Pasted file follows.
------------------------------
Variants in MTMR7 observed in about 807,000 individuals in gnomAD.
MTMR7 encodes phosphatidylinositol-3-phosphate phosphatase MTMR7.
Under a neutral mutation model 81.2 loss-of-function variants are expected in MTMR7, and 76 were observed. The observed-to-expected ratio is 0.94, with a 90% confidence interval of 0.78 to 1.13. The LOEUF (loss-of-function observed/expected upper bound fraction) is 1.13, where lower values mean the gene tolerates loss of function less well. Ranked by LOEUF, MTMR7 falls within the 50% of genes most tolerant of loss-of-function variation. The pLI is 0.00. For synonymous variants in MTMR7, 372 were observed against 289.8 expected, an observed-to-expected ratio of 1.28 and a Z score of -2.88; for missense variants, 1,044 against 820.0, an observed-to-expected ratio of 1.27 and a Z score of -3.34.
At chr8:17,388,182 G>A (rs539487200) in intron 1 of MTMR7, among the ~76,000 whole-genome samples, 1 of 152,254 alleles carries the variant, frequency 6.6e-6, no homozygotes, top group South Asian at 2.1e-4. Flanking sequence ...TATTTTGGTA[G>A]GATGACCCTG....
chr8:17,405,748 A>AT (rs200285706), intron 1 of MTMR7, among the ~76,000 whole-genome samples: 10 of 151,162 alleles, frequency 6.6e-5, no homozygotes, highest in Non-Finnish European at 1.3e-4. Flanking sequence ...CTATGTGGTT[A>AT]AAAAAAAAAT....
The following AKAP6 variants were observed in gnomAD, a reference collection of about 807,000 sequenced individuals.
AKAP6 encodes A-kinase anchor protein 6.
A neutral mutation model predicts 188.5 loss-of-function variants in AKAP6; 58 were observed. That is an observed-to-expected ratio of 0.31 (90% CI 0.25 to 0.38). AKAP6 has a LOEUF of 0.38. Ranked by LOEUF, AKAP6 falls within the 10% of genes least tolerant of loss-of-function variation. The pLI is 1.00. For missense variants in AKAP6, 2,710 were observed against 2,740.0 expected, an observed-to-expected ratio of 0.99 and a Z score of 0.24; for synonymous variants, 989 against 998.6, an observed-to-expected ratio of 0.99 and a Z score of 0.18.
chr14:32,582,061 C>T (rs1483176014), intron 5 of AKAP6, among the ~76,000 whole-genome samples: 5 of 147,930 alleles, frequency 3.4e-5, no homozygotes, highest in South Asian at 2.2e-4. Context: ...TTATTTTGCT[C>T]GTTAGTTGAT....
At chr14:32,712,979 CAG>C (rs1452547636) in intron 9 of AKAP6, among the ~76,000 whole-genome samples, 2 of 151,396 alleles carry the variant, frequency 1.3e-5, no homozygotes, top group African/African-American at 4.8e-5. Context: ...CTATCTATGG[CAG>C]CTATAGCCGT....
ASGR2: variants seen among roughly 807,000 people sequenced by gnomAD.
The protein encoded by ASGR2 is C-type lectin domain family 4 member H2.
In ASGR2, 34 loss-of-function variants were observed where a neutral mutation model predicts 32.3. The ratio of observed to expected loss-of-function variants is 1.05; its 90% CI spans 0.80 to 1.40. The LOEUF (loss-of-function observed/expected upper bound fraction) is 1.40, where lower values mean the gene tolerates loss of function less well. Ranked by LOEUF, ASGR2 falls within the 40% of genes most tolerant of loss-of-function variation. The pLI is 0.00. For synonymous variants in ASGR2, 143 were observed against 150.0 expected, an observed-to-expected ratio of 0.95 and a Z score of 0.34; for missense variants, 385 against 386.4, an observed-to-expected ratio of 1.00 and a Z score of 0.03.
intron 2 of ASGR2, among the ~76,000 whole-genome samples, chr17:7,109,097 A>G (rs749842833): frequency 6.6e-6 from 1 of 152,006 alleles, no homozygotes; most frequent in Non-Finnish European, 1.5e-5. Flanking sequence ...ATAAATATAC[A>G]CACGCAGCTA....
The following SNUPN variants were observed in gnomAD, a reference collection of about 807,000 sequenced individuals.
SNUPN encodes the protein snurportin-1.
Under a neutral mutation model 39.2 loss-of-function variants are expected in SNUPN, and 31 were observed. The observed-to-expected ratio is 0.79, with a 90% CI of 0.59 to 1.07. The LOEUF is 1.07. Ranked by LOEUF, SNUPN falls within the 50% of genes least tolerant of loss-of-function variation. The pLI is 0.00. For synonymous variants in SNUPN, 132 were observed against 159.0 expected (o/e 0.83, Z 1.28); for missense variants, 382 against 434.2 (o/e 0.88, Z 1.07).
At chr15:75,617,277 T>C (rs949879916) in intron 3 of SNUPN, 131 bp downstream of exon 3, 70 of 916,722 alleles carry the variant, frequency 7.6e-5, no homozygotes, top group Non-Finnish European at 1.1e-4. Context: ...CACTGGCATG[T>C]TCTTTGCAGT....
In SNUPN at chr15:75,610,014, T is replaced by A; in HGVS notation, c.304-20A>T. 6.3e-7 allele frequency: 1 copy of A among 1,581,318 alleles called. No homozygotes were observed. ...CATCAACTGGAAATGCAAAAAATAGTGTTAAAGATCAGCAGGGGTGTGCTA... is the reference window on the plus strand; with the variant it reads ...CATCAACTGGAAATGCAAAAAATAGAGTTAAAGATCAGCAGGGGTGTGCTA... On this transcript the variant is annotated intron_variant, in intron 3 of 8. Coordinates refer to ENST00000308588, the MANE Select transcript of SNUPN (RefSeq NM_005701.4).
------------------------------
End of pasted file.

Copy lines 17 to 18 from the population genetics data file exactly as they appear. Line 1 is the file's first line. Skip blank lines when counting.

Under a neutral mutation model 39.2 loss-of-function variants are expected in SNUPN, and 31 were observed. The observed-to-expected ratio is 0.79, with a 90% CI of 0.59 to 1.07. The LOEUF is 1.07. Ranked by LOEUF, SNUPN falls within the 50% of genes least tolerant of loss-of-function variation. The pLI is 0.00. For synonymous variants in SNUPN, 132 were observed against 159.0 expected (o/e 0.83, Z 1.28); for missense variants, 382 against 434.2 (o/e 0.88, Z 1.07).
At chr15:75,617,277 T>C (rs949879916) in intron 3 of SNUPN, 131 bp downstream of exon 3, 70 of 916,722 alleles carry the variant, frequency 7.6e-5, no homozygotes, top group Non-Finnish European at 1.1e-4. Context: ...CACTGGCATG[T>C]TCTTTGCAGT....